The Savings (Government Contribution) Bill 2016-2017, which legislates for the Lifetime individual savings account (Lisa), has now been introduced to the House of Commons, to finalise details in preparation for an April 2017 launch.
The savings vehicle was first unveiled by former Chancellor George Osborne in the March 2016 Budget, aiming to provide a government-supported method by which young people under the age of 40 can save for the long term.
The Lisa will enable individuals to save up to £4,000 each tax year up to the age of 50, and receive a 25% bonus from the government based on the amount paid in. Funds can be used to buy a first home up to the value of £450,000 at any time from 12 months after opening the account, or the savings can be withdrawn after the age of 60 to use during retirement.
The government bonus can be claimed and paid monthly from 2018-19. Savers can withdraw money for purposes other than a first home or retirement income, but this will not include the 25% government bonus and interest accrued on that bonus, and individuals will have to pay a small charge. In the case of a terminal illness, or the death of the account holder, these charges will not apply.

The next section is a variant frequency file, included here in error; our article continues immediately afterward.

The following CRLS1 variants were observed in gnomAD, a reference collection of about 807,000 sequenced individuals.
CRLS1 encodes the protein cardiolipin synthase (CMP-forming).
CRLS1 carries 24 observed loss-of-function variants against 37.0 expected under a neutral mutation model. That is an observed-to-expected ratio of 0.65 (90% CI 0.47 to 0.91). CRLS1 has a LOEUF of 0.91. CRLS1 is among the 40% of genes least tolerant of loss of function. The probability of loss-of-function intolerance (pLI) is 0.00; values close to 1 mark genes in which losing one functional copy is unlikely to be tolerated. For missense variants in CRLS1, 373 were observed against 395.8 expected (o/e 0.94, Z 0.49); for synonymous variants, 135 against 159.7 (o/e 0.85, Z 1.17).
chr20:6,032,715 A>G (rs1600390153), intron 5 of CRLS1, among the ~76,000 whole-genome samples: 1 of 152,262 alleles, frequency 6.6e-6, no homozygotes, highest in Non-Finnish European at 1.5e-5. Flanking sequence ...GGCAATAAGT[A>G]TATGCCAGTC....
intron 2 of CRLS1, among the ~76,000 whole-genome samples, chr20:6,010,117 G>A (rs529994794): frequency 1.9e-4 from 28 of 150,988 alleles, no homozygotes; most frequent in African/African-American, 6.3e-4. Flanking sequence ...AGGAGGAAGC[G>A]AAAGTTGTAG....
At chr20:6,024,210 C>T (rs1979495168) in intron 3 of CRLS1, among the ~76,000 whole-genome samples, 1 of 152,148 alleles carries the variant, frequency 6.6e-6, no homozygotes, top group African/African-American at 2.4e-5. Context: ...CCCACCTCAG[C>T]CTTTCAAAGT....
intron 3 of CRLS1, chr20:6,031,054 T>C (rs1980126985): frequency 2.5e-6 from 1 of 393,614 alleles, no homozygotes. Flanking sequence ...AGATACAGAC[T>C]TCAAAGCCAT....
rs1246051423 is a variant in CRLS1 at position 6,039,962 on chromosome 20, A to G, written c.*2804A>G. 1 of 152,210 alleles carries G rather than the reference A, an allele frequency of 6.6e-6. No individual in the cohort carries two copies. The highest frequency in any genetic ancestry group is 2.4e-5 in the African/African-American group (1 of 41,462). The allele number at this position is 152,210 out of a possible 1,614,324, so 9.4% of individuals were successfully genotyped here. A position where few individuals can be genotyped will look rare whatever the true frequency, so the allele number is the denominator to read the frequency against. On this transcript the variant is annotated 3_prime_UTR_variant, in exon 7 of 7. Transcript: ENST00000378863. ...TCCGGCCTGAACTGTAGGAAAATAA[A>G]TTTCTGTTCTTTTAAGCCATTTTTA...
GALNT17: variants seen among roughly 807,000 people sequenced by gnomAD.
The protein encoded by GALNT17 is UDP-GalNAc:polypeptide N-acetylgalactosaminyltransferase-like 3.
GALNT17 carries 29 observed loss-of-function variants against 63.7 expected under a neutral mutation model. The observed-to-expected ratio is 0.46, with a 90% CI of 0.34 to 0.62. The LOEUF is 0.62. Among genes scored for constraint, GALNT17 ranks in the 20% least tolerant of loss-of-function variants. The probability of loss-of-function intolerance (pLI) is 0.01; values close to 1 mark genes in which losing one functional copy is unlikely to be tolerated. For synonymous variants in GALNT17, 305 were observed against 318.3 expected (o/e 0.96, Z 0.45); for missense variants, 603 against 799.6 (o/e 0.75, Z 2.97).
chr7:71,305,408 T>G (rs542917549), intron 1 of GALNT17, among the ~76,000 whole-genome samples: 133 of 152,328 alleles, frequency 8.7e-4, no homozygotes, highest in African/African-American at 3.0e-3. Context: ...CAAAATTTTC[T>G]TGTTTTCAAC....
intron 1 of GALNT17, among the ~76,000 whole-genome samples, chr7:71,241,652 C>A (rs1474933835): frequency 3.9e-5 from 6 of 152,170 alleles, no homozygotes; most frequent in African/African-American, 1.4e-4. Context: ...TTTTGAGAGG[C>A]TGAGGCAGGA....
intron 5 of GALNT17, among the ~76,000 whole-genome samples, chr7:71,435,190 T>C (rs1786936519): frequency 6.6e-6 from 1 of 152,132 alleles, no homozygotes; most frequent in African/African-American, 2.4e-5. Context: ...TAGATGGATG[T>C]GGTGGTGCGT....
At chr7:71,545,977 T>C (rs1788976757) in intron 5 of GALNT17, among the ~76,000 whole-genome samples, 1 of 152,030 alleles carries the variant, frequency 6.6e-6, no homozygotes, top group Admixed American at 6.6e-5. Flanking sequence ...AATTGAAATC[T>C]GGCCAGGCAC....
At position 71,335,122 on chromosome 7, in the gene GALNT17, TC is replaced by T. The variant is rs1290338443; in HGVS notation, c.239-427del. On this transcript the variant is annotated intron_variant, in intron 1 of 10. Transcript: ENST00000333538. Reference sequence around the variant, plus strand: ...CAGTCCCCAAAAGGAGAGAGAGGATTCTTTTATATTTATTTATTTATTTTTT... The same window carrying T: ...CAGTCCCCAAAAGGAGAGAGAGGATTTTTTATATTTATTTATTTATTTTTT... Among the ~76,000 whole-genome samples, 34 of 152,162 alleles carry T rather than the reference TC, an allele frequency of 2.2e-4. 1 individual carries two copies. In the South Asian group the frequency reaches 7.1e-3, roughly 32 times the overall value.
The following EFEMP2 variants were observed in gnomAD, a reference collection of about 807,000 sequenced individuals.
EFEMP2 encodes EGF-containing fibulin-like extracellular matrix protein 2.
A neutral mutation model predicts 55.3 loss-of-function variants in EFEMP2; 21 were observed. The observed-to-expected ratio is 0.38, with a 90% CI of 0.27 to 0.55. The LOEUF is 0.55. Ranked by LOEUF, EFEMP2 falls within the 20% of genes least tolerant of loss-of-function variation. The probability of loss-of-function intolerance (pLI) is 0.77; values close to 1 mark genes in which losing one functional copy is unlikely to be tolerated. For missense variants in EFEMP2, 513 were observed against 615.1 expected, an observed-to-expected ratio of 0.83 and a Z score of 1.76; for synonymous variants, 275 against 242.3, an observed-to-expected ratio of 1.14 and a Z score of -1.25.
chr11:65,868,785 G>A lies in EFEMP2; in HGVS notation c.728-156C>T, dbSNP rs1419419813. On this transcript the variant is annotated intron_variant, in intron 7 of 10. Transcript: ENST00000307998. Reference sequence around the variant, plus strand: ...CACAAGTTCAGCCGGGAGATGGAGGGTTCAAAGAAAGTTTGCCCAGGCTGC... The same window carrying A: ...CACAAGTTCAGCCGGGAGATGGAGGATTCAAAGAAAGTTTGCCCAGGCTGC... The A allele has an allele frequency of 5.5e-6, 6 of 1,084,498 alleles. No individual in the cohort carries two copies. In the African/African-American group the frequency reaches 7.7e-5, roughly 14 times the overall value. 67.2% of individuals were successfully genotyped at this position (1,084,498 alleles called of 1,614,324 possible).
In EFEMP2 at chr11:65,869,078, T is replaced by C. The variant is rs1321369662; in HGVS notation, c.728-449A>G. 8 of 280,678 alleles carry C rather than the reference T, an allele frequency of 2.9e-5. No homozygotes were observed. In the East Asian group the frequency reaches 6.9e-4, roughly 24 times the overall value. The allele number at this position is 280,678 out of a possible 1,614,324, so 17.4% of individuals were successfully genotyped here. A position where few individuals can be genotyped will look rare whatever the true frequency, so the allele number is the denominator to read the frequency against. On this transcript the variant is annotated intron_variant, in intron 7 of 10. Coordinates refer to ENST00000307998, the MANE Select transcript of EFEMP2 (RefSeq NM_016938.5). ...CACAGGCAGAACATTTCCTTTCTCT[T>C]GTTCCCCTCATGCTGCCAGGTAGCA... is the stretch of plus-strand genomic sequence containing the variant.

Employers should be considering whether there will be a demand from their workforce for the Lisa, said Fuat Sami, partner at law firm Sackers. He added that checking the age profile of an organisation’s working population will be a useful tool alongside staff surveys to determine employee demand.
The government bonus provides a visible incentive to save, but the Lisa also plasters over problems found in the Help to Buy Isa by delivering the government bonus in monthly instalments, said David Robbins, senior consultant at Willis Towers Watson.
Although gaining interest as a tool to encourage a savings mentality and help individuals save towards home ownership, questions have been raised about the effect the Lisa will have on retirement saving. Sami said: “I think there is a real risk that the Lisa will undermine the whole pensions saving culture that the government has been trying to build up, particularly through auto-enrolment.”
Robbins added that next year’s auto-enrolment review will have to incorporate the potential impact of the Lisa on workplace pensions. “Should employers be allowed or required to automatically enrol people into Lisas instead of pensions?” he said.
Some providers have expressed concern around the short timescale for product development ahead of the Lisa’s planned April 2017 launch. For example, as it awaits final details from the Treasury and HM Revenue and Customs and for the Financial Conduct Authority to consult on its regulatory requirements, Aegon has yet to commit to a firm launch date, and Standard Life will not offer the Lisa from April 2017, but does intend to offer it at some point in the future.